The Rich Get Richer and the Poor Get Prison: Ideology, Class, and Criminal Justice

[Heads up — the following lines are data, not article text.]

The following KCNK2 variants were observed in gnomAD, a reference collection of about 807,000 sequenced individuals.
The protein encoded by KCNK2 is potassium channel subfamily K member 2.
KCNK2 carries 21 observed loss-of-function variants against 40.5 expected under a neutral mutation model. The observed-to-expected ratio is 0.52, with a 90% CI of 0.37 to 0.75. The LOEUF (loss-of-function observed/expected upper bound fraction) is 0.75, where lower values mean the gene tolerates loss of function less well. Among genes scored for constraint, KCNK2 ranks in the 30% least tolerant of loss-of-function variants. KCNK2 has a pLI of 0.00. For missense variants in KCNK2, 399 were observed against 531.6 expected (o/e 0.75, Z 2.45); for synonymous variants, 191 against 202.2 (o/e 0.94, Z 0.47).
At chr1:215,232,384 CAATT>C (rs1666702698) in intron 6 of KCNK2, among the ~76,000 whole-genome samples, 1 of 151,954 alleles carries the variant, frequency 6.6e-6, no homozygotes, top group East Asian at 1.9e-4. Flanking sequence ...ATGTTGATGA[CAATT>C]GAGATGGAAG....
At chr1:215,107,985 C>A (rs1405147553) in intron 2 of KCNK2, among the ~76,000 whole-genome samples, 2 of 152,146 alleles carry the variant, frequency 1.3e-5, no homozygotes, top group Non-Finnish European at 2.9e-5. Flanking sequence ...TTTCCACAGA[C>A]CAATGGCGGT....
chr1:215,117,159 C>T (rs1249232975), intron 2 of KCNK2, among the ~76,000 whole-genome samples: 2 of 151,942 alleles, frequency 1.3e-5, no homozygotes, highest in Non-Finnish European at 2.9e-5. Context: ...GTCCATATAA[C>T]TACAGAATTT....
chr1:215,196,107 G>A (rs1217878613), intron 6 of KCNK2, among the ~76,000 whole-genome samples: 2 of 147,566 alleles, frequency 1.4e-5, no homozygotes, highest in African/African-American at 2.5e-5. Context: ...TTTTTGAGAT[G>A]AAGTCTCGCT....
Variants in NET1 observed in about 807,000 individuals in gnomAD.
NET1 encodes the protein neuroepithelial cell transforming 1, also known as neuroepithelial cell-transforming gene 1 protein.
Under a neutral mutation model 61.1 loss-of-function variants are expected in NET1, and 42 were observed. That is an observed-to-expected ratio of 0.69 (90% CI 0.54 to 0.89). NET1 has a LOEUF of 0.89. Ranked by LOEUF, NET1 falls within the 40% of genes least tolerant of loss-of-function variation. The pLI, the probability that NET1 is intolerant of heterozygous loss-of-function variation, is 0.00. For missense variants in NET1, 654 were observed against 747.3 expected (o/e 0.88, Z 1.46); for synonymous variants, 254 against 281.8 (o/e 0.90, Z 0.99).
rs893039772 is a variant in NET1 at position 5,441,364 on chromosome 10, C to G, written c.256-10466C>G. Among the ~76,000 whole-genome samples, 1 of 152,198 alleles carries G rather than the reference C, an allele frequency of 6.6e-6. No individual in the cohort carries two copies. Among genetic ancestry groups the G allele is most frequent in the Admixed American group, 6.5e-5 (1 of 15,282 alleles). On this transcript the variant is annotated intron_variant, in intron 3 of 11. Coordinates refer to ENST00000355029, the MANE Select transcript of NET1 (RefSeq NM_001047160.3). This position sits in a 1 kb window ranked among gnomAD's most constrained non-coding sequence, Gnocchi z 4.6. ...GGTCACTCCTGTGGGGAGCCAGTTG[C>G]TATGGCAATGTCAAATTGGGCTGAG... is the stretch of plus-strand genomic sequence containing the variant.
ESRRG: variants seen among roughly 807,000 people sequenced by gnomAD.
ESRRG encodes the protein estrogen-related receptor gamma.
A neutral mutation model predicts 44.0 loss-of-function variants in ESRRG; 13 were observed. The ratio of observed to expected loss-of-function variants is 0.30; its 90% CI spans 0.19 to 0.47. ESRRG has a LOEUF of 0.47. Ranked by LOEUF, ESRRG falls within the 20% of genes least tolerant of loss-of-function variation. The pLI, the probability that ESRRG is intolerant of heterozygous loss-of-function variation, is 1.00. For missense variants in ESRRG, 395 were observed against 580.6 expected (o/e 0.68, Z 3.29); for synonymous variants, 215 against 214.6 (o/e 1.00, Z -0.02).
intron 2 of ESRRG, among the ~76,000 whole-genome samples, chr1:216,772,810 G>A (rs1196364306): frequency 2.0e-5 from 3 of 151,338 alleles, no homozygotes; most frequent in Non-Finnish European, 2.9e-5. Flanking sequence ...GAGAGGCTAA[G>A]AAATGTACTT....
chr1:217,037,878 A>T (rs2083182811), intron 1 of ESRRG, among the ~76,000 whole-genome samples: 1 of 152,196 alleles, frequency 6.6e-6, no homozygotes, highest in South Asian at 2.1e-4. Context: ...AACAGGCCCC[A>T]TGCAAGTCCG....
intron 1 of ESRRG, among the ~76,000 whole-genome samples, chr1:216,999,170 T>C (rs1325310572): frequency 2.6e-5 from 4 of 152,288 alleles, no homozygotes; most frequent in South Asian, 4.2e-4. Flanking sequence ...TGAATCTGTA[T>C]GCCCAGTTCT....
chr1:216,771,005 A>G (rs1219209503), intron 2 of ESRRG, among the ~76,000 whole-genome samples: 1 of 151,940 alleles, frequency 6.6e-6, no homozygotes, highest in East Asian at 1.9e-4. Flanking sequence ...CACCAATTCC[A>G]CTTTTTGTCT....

"What if our criminal justice system is biased against the poor from start to finish - from the definition of what constitutes a crime through the ... Show synopsis "What if our criminal justice system is biased against the poor from start to finish - from the definition of what constitutes a crime through the process of arrest, trial, and sentencing?" The author argues that actions of well-off people - refusal to make workplaces safe, refusal to curtail deadly pollution, promotion of unnecessary surgery, prescription of unnecessary drugs, etc. - cause occupational and environmental hazards to innocent members of the public and produce as much death, destruction, and financial loss as so-called crimes of the poor. However, these crimes of the well-off are rarely treated as severely as those of the poor. Reiman documents the extent of anti-poor bias in arrest, conviction, and sentencing practices and shows that the bias is conjoined with a general refusal to remedy the causes of crime - poverty, poor education, and discrimination. As a result, the criminal justice system fails to reduce crime. The author uses numerous studies and examples to illustrate his points, and difficult concepts are explained in a non-technical manner. The book is a useful counter to the uproar about crime. It provokes thought and discussion, even among people who disagree with its content." For anyone interested in issues of class, social deviance, ethics, or criminal justice.